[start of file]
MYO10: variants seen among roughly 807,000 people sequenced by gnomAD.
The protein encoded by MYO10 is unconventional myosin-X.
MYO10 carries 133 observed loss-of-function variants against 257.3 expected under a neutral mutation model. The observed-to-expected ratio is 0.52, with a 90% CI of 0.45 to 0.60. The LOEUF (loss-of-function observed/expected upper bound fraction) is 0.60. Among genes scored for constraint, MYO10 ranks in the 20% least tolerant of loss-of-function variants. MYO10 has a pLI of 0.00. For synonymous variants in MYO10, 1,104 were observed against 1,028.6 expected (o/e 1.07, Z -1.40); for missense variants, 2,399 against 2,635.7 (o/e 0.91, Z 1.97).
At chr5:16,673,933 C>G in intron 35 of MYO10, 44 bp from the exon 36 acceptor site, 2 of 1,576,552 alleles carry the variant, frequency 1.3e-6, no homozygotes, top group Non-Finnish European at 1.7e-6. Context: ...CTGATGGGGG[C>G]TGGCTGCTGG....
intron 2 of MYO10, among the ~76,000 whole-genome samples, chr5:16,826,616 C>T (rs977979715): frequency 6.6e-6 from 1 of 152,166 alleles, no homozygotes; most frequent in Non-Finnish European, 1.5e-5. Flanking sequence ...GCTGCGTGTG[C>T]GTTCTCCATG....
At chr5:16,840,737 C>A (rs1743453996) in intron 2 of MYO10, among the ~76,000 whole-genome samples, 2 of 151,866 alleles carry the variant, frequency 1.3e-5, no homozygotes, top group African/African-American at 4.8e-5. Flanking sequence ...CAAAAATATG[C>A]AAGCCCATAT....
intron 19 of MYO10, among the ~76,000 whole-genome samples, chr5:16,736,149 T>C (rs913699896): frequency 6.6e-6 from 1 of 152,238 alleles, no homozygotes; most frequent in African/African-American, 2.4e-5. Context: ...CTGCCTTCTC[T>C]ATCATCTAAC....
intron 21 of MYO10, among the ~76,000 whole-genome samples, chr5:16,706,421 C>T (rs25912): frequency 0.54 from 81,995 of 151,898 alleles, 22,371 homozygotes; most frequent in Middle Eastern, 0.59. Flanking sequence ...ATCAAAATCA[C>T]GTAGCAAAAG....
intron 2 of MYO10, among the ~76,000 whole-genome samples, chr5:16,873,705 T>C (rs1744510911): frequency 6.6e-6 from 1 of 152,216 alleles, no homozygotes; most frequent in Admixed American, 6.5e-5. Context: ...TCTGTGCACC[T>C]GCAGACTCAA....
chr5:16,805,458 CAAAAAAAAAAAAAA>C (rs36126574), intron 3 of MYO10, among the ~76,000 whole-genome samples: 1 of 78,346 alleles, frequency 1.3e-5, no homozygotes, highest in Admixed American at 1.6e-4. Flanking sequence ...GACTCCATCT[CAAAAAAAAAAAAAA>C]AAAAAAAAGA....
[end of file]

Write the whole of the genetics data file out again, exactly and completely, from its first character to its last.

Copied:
MYO10: variants seen among roughly 807,000 people sequenced by gnomAD.
The protein encoded by MYO10 is unconventional myosin-X.
MYO10 carries 133 observed loss-of-function variants against 257.3 expected under a neutral mutation model. The observed-to-expected ratio is 0.52, with a 90% CI of 0.45 to 0.60. The LOEUF (loss-of-function observed/expected upper bound fraction) is 0.60. Among genes scored for constraint, MYO10 ranks in the 20% least tolerant of loss-of-function variants. MYO10 has a pLI of 0.00. For synonymous variants in MYO10, 1,104 were observed against 1,028.6 expected (o/e 1.07, Z -1.40); for missense variants, 2,399 against 2,635.7 (o/e 0.91, Z 1.97).
At chr5:16,673,933 C>G in intron 35 of MYO10, 44 bp from the exon 36 acceptor site, 2 of 1,576,552 alleles carry the variant, frequency 1.3e-6, no homozygotes, top group Non-Finnish European at 1.7e-6. Context: ...CTGATGGGGG[C>G]TGGCTGCTGG....
intron 2 of MYO10, among the ~76,000 whole-genome samples, chr5:16,826,616 C>T (rs977979715): frequency 6.6e-6 from 1 of 152,166 alleles, no homozygotes; most frequent in Non-Finnish European, 1.5e-5. Flanking sequence ...GCTGCGTGTG[C>T]GTTCTCCATG....
At chr5:16,840,737 C>A (rs1743453996) in intron 2 of MYO10, among the ~76,000 whole-genome samples, 2 of 151,866 alleles carry the variant, frequency 1.3e-5, no homozygotes, top group African/African-American at 4.8e-5. Flanking sequence ...CAAAAATATG[C>A]AAGCCCATAT....
intron 19 of MYO10, among the ~76,000 whole-genome samples, chr5:16,736,149 T>C (rs913699896): frequency 6.6e-6 from 1 of 152,238 alleles, no homozygotes; most frequent in African/African-American, 2.4e-5. Context: ...CTGCCTTCTC[T>C]ATCATCTAAC....
intron 21 of MYO10, among the ~76,000 whole-genome samples, chr5:16,706,421 C>T (rs25912): frequency 0.54 from 81,995 of 151,898 alleles, 22,371 homozygotes; most frequent in Middle Eastern, 0.59. Flanking sequence ...ATCAAAATCA[C>T]GTAGCAAAAG....
intron 2 of MYO10, among the ~76,000 whole-genome samples, chr5:16,873,705 T>C (rs1744510911): frequency 6.6e-6 from 1 of 152,216 alleles, no homozygotes; most frequent in Admixed American, 6.5e-5. Context: ...TCTGTGCACC[T>C]GCAGACTCAA....
chr5:16,805,458 CAAAAAAAAAAAAAA>C (rs36126574), intron 3 of MYO10, among the ~76,000 whole-genome samples: 1 of 78,346 alleles, frequency 1.3e-5, no homozygotes, highest in Admixed American at 1.6e-4. Flanking sequence ...GACTCCATCT[CAAAAAAAAAAAAAA>C]AAAAAAAAGA....